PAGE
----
Blending investigative journalism with the personal approach of a writer both fascinated and appalled by her subject, this is an award-winning portrait of life under ‘one of the most savage surveillance regimes ever known’. With previously unpublished photographs by the author.
Introduced by Geoffrey Robertson
Edited by Harry and James H. Hodge
Dramatic accounts of eight sensational murder trials that gripped the nation – and proved that truth really is stranger than fiction.
‘High among the great British contributions to world civilisation – the works of Shakespeare, the full breakfast, the herbaceous border and the presumption of innocence – must rank our considerable achievement in having produced most of the best murder trials in the long history of crime’
- Sir John Mortimer QC, author of the Rumpole stories
When it first appeared in 1941, the legendary ’Famous Trials’ series set the gold standard for historical crime writing. Meticulously researched and elegantly written, these accounts of the most sensational legal cases have intrigued, thrilled and entertained ever since. They remain unmatched for their literary quality, insight into the criminal mind, and evocation of the human drama of the crime scene and the courtroom.
Bound in textured paper printed with a design by Jamie Keenan
Set in Janson
50 integrated black & white illustrations
9˝ × 5¾˝
Stranger than fiction
‘Most of the interest and part of the terror of great crime are due not to what is abnormal, but to what is normal in it; what we have in common with the criminal, rather than that subtle insanity which differentiates him from us.’
This new selection presents eight notorious cases from the late 19th and early 20th century – the true Golden Age of the British murder trial. Each chapter guides us carefully through the background to the crime, the fateful act and the police investigation, before taking us into the courtroom and face-to-face with a defendant in a life-or-death situation: from the chillingly calm Dr. Crippen, accused of butchering his wife and disposing of her remains in his own cellar to roguish chancer George Joseph Smith, dubbed the ‘Bluebeard of the Bath’; from mild-mannered Robert Wood, who faces overwhelming evidence that he is the prostitute-killing ‘Camden Town Murderer’ to the tragic Alma Rattenbury, who repeatedly claims to have killed her elderly husband, in spite of her young lover’s confession.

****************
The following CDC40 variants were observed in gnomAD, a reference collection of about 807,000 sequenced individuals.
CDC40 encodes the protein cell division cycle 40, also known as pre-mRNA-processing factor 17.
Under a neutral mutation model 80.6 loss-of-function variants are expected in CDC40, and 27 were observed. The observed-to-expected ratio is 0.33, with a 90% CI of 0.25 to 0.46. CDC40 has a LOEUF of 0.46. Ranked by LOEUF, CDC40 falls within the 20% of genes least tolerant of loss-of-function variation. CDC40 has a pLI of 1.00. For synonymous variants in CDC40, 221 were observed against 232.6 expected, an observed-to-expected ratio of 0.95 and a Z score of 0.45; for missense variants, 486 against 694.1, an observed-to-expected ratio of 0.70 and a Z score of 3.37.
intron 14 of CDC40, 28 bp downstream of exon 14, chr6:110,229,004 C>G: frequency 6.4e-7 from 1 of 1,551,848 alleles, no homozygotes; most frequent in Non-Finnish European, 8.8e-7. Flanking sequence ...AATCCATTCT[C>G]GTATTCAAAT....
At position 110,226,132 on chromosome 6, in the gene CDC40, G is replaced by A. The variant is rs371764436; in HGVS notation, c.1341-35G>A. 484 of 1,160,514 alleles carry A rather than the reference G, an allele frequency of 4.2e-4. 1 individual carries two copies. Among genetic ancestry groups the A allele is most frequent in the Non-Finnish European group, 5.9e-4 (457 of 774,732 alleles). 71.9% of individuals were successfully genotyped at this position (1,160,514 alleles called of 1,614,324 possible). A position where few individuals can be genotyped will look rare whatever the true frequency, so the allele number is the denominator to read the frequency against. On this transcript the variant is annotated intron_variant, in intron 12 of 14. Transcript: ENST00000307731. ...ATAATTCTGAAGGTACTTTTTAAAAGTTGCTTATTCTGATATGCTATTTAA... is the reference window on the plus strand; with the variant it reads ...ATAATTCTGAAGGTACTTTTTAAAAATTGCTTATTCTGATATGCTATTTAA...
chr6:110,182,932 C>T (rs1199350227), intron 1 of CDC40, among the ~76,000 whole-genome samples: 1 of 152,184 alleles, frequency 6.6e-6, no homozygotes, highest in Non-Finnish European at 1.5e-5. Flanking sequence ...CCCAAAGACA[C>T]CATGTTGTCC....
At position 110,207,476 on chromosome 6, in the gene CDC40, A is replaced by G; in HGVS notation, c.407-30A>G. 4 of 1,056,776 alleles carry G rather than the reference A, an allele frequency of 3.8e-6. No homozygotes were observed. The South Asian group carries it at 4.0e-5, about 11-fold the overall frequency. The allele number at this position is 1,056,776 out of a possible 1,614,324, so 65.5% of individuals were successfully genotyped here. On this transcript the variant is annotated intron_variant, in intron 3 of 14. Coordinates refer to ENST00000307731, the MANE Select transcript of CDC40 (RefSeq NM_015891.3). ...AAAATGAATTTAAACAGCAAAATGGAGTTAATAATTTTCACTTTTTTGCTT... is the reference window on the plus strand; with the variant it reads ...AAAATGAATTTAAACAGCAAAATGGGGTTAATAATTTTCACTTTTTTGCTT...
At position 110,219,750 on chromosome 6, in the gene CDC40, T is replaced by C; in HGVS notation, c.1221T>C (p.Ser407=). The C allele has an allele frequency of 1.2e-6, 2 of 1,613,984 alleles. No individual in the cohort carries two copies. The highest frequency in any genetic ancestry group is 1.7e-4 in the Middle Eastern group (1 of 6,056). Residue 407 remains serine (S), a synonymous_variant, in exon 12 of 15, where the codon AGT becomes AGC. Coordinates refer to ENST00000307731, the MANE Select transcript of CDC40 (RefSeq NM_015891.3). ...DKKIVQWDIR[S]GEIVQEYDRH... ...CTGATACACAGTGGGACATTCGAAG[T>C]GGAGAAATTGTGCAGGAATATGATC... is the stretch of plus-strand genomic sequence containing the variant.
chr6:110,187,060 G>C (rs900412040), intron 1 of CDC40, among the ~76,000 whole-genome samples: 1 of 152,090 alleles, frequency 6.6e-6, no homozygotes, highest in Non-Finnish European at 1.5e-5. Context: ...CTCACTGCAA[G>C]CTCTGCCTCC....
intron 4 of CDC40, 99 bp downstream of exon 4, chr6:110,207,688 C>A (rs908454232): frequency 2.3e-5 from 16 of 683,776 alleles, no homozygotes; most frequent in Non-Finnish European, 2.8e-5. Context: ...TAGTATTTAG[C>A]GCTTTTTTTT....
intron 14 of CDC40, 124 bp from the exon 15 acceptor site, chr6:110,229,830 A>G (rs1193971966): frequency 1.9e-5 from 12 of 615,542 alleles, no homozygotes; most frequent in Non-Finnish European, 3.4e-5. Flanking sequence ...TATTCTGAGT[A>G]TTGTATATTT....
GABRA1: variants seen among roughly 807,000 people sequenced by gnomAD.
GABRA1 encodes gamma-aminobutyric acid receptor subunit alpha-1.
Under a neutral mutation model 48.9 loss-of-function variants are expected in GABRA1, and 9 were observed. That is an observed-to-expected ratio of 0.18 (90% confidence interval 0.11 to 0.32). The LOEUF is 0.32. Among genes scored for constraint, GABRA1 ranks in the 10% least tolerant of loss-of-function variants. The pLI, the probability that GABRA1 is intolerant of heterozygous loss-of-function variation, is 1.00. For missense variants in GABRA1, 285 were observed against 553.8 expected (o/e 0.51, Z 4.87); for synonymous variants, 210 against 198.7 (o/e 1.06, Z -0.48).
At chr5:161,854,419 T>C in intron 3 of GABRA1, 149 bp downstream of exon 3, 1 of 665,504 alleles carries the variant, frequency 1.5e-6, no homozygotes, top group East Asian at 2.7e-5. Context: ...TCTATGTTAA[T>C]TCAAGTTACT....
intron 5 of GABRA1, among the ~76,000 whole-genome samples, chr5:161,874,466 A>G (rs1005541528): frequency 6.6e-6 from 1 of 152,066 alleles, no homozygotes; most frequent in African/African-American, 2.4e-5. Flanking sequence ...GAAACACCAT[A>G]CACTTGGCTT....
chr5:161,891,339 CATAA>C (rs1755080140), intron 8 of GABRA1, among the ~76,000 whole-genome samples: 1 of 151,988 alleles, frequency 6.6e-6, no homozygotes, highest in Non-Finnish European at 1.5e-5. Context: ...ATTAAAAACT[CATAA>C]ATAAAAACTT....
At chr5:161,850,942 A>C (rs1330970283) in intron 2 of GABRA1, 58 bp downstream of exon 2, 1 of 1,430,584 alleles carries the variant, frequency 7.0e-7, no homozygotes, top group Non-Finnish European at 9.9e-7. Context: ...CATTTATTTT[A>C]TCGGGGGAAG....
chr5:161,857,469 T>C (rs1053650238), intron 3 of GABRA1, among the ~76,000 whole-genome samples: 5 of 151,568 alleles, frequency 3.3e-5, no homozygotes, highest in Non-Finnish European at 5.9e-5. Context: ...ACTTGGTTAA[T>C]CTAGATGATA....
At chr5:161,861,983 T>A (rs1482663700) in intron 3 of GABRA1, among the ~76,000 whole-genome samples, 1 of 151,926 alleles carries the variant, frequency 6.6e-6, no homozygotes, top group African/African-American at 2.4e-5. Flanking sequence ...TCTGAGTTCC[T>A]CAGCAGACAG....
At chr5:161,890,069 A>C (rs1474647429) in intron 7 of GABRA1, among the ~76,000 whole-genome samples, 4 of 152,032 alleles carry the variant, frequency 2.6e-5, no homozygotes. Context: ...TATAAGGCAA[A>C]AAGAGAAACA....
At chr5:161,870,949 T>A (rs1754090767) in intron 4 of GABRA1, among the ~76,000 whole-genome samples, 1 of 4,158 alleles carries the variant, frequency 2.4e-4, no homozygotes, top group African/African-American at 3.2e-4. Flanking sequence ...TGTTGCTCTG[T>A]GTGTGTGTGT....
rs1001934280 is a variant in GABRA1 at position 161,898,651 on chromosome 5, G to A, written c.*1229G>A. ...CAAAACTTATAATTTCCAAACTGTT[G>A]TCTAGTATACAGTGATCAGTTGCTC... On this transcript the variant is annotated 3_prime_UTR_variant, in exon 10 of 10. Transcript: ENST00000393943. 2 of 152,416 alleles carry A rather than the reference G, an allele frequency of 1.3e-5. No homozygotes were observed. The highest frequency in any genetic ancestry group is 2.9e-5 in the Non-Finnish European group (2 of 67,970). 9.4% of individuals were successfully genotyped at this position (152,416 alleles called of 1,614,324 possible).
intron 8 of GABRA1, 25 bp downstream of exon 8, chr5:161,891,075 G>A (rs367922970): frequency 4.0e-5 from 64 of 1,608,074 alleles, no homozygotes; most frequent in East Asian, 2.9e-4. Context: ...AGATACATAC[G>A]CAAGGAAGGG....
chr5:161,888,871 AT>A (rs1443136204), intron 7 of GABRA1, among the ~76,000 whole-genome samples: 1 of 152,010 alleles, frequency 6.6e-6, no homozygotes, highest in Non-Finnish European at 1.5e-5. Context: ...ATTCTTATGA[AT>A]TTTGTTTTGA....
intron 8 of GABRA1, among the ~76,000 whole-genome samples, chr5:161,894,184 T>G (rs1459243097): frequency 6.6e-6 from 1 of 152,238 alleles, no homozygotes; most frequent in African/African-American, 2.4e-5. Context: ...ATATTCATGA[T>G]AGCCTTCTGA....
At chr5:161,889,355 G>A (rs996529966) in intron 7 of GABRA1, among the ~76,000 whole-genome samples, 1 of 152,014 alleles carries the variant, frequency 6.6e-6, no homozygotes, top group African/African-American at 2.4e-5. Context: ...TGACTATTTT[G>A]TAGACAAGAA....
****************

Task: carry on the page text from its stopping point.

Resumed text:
Will it end on the scaffold or with freedom? And will justice be done – or miscarried?
With a new introduction by Geoffrey Robertson QC, celebrated defence lawyer and self-confessed ‘Famous Trials’ fan. Lavishly illustrated with fifty integrated black and white images, including contemporary pictures of the key participants, crime scene photographs, and evocative images of trial evidence and original prisoner records.
About Geoffrey Robertson QC
Geoffrey Robertson QC has had a distinguished career as a trial and appellate counsel and as an international judge, and has argued many landmark cases in media, constitutional and criminal law. He made his name as the defender of Oz magazine at the celebrated 1971 trial and went on to engage in some of the most newsworthy cases in recent history. He has defended John Stonehouse, Cynthia Payne, Salman Rushdie, Kate Adie, Arthur Scargill and others. He is also the author of many leading textbooks and a memoir, The Justice Game (1998).
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